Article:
News Archive

Kudos to GPSC Student Showcase Winners

BME students made a strong showing at the UA Graduate and Professional Student Council Student Showcase on Feb. 24. Congratulations to all the exhibitors!

In particular, kudos go to David Maestas, who received the undergraduate BIO5 Innovator Award for his presentation on "Tissue-Engineered Vascular Grafts Seeded With Umbilical Cord Blood-Derived Endothelial Cells," and to BME GIDP student Michael Valdez, who won second place in the graduate research division.

Checking In on Capstone Projects

Team 15036 working on their senior design projectWith less than two months left until Engineering Design Day 2016, the College's seniors are hitting the home stretch on their capstone design projects – including a number of BME students working on interdisciplinary teams.

See what undergraduate biomedical engineers are doing to help astronauts breathe a little easier in "Humidity Control in Spacesuits."

Biomedical Engineering Major Makes a Splash in Mile Swim

Tyler Fowler competing in a University of Arizona swim meetJunior Tyler Fowler will compete in the U.S. Olympic trials this summer in the 1,500-meter freestyle swimming event. How does he balance academics with a rigorous training schedule? What’s his favorite class? What’s his favorite ice cream flavor?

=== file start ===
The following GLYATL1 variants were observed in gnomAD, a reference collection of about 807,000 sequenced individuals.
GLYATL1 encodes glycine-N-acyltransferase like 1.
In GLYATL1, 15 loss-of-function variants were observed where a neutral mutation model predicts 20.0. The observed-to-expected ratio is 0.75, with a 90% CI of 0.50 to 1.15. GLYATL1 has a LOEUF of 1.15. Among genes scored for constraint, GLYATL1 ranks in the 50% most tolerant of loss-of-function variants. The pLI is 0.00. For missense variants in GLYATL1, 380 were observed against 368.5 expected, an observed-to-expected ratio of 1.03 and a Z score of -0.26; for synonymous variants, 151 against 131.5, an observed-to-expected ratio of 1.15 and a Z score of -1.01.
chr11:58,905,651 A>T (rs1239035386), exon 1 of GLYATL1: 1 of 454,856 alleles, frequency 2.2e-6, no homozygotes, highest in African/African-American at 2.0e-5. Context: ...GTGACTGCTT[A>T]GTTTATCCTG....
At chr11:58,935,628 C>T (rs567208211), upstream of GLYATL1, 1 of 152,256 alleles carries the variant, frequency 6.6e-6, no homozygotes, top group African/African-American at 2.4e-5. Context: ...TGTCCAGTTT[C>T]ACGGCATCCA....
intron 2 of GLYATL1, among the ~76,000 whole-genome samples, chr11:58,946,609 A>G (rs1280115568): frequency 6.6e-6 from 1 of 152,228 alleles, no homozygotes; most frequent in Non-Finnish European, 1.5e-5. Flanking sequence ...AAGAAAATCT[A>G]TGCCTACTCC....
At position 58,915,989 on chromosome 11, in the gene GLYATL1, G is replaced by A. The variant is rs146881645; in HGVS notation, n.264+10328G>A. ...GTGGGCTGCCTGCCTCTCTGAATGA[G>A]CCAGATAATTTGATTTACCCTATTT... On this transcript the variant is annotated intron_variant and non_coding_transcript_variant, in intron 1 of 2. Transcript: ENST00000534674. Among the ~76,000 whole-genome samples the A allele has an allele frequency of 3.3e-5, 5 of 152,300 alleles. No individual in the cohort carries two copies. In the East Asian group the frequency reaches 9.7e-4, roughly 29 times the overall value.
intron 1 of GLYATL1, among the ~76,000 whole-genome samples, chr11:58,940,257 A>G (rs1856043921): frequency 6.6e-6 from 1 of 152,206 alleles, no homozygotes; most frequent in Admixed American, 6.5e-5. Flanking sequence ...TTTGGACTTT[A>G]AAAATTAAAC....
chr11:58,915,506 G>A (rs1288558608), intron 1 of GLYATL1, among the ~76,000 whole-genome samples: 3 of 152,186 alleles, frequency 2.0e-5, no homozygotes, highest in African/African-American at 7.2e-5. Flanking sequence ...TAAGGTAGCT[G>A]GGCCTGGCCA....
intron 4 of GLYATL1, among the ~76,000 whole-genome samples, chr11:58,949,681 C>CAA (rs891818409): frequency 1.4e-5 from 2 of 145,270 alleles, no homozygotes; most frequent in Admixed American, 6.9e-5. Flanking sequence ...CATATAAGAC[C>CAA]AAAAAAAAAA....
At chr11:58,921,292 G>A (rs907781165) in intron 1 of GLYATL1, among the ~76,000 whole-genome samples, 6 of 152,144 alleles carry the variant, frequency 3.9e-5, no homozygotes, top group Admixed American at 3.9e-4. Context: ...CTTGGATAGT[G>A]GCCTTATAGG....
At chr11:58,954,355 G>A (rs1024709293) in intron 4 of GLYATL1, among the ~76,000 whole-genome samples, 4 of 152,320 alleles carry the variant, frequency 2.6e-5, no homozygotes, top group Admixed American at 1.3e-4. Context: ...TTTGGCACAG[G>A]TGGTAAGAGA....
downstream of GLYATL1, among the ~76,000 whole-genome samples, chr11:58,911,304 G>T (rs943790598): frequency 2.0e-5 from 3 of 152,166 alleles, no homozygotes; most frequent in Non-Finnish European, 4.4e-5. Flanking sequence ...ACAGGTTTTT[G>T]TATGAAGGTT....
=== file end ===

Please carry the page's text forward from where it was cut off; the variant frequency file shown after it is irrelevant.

Learn all this and more in a Q&A with Arizona Athletics.


Photo courtesy of Arizona Athletics

Save the Date for Commencement Celebration!

Graduates in caps and gowns throw confetti at UA CommencementThe UA Department of Biomedical Engineering will hold its Pre-Commencement Ceremony on Friday, May 13, at 11:30 a.m. in Crowder Hall at the Fred Fox School of Music (1017 North Olive Road).

Doors open at 11 a.m., and tickets will be available to graduating students later in the semester.

BME Junior Hacks for the Environment

UA Engineering students used MIDI and Arduino technology to turn discarded cans into a musical instrument.Biomedical engineering major Sajani Jivan helped his team win the sustainability award at Hack Arizona 2016. They created Mini Midi Recyclable, a musical instrument made out of leftover aluminum cans, Arduino microcontroller and stickers handed out by sponsors.

Read more about the project in Arizona Engineer.

UA Researchers Developing Brain-Mapping Technology

sell Witte is studying how ultrasound, commonly used for fetal imaging, can be used to capture high-resolution images of brain activity.Biomedical engineer Russell Witte is leading a $1.15 million NIH project to create a new type of imaging with the potential to advance understanding of brain function and improve diagnosis and treatment of neurological disorders. 

“We know very little about how neurons act collectively to guide our thoughts, emotions and behaviors – or cause seizures or mood swings,” Witte said. “Functional magnetic resonance imaging and electroencephalography have provided some clues. But both fMRI and EEG share a major limitation: They produce images with poor resolution. We think our new technology could overcome that limitation.”

The project is part of the U.S. government’s BRAIN Initiative, or Brain Research through Advancing Innovative Neurotechnologies. BRAIN involves 80 public and private research institutions working together to map the human brain and build a model that reveals how individual nerve cells and complex neural circuits interact.